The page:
Strollby this Spanish Colonial Revival home on the market for $114,900, and you’d be excused for thinking you’d been transported to the Golden State. The terra-cotta roof, arched windows, and decorative tiles are textbook examples ofa Spanish-style home most commonly found in California.
But this 1,636-square-foot charmer brings a little bit of La La Land to Tyler, TX. It’s on theTyler Historic Landmark Register, and thecity’swebsitedescribes it as one of the best examples of Spanish Colonial Revival architecture found outside of the state of California.
People just love it, says listing agentKristen Anderson. It’s showing like crazy. It is in an area that is currently being revitalized.
For those unfamiliar with the style, the architectural design came to prominenceduring the Panama-California Exposition of 1915 in San Diego. The debut spurredabuilding boom, and this distinctive style remained popular through the ’30s.
But homes like these are usuallyfound in California and Florida, and can be easily spotted with details such asstucco walls, curved staircases, and colorfully painted tile.
The Tyler property includestwo beds, one bath, and many of the Mediterranean flourishes you might find in a SoCal structure. Original architectural details include hardwood floors, curved steps, and arched windows.The front door and hardware are also original to the house.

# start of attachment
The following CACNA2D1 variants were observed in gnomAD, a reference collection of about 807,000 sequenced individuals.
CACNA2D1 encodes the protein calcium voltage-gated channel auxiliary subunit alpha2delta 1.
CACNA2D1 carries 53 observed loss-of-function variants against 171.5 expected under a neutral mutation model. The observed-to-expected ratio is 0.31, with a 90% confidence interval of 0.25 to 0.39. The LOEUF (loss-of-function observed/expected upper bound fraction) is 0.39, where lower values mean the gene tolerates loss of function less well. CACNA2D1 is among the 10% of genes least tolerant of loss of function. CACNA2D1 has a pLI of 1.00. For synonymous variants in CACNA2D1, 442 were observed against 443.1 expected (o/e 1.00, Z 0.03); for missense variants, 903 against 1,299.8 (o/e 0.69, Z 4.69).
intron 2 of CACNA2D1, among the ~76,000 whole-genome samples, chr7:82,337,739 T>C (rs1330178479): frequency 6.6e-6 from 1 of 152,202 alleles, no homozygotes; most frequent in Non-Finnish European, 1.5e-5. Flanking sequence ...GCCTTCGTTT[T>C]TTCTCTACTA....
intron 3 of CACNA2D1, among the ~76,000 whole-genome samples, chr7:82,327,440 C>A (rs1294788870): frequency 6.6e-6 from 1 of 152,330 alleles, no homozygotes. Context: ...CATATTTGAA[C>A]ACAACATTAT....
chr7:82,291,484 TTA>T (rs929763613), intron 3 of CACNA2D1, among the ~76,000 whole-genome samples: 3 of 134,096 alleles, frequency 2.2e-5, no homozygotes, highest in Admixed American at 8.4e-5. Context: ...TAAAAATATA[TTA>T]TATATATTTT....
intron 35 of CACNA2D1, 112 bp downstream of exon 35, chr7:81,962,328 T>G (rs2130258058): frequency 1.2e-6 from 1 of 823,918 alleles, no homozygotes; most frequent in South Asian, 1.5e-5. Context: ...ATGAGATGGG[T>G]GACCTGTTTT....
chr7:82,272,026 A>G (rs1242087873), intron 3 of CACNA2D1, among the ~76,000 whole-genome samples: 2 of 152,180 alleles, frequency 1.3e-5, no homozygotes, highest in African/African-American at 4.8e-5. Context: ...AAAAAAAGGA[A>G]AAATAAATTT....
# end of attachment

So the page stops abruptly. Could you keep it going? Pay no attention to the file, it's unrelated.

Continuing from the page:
There are the trademark white walls and quirky nooks, includinga built-in window seat and a cutout over the fireplace.The home also comes with an outdoor courtyard with a wrought-iron half-wall.
The kitchen includes a handy pass through to the living room, andcurved steps lead to a formal dining room. The home’s bedrooms are surprisingly large and come withclosets.
The home’s history dates to 1929. A man namedAlbert Childers built the homefor $6,000 as a wedding gift for his bride, Lucille, according to research from the City of Tyler. Incredibly, Lucille livedin the adorable homeuntil she was 88. Just three otherowners have lived there since the 1990s, notes the listing agent.
With so few owners, this home has been well-preserved. The cute kitchen could use some updating, but it’s small and won’t break the bank, says Anderson. A few renovations have added modern-day conveniences such as central heat and air, an alarm system, and a utility room.
The historic designation offers the perk of property tax abatement, although permission must be granted for any changes to the exterior of the house, notes Anderson.
But the home’s best feature of all isthe price. Move in, and you’ll enjoy the California lifestyle without the hefty West Coast cost.